Regression is supposed to be this: given a particular value of each of the x’s in our “regression model”, regression gives us the probability y takes the values it can take. That’s it; that’s all regression is, or that’s all it should be. Statements of results should concentrate on how much, if at all, each of the x’s change the uncertainty in the y. Causative language should be minimal and cautious.

Before (next time) we get to our main example, regression is meant to be this. Suppose all we had in our model was sex, male or female. Y can take the values 1, 2, …, 10. Given a set of observed data and knowing a person is a male, the regression should tell us the probability this male answers y = 1, y = 2, … and y = 10. Then knowing a person is a female, the regression should again tell us the probability this female answers y = 1, y = 2, … and y = 10. If these two sets of probabilities are exactly the same, then knowing a person’s sex is irrelevant to knowing their Hate score. If the two sets different for any of the levels of y, then something about sex, or something associated with it, is relevant to understanding the uncertainty in the score.

Regression is thus a prediction. It tells us the probability of “events” not yet seen. Consider we do not need regression, or any statistical method, to tell us about the data we have observed, because—can you guess?—we have observed that data. Except in those instances where data is measured with error, we know everything there is to know about that data. If we want to know how many men (of any kind) had Hate scores greater than 5, all we have to do is count. We don’t need to “estimate” anything—except for that which is still hidden from us, like the future.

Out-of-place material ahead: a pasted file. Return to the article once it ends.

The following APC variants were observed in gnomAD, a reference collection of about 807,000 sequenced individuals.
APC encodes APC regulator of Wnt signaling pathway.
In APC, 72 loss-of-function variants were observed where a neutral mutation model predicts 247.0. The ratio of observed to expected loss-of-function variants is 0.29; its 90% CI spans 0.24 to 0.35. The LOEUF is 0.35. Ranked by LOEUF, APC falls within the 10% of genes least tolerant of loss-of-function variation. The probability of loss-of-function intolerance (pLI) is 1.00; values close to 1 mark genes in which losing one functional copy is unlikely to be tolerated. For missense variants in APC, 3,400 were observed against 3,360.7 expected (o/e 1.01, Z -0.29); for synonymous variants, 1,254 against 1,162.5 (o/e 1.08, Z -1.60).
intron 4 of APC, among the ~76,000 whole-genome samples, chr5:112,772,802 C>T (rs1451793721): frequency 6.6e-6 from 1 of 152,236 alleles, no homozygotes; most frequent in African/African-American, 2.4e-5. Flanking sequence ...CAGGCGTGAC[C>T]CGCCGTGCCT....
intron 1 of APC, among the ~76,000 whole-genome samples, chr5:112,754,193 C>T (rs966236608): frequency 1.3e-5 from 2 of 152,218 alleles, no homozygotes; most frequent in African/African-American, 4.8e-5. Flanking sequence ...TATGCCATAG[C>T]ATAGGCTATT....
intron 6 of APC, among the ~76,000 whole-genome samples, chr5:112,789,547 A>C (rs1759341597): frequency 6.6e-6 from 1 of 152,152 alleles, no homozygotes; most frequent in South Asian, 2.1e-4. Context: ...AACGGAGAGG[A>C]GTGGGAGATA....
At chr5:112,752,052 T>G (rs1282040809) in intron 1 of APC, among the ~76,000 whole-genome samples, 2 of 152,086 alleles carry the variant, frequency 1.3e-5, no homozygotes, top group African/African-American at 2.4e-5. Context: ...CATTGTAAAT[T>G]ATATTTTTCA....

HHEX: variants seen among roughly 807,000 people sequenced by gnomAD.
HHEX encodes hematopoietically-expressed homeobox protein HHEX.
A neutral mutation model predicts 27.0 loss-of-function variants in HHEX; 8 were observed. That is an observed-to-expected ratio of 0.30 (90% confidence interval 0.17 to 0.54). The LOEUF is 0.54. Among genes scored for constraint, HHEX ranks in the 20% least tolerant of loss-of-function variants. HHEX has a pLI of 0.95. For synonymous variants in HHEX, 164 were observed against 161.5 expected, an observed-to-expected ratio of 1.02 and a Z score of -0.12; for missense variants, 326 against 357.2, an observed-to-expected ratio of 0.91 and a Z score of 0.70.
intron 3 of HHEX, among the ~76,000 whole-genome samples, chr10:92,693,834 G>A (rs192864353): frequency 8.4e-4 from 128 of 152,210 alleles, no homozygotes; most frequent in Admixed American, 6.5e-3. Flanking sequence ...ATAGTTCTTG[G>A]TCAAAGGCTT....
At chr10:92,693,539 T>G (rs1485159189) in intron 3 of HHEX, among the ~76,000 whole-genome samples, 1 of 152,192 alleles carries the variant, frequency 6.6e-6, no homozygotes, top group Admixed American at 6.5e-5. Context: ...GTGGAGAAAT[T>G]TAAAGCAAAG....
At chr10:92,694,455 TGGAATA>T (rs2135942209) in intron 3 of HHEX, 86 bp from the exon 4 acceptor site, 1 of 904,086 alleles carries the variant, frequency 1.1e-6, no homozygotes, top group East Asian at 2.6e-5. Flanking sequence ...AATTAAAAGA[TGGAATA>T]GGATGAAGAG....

Simple as that. So why are regression results never stated in this form?

Next time: examples.

Artistic interpretation of infinity.

Infinity is not a number, it is a place. It lies just to the left of the Undiscovered Country. Nobody knows what it is like there, because nobody has seen it. All we can ever do is approach it and say what it isn’t.

Funny thing about Infinity is that they way you get there matters. If you were to head out toward it on a straight line taking one step at a time, and I were to follow taking two steps forward and one step back, we would not necessarily arrive at the same neighborhood. That would depend on how fast we were walking.

None of us would ever get there anyway, not while we’re stuck in time. Infinity isn’t in time. It sure isn’t in our intuitions. Which explains the latest flap.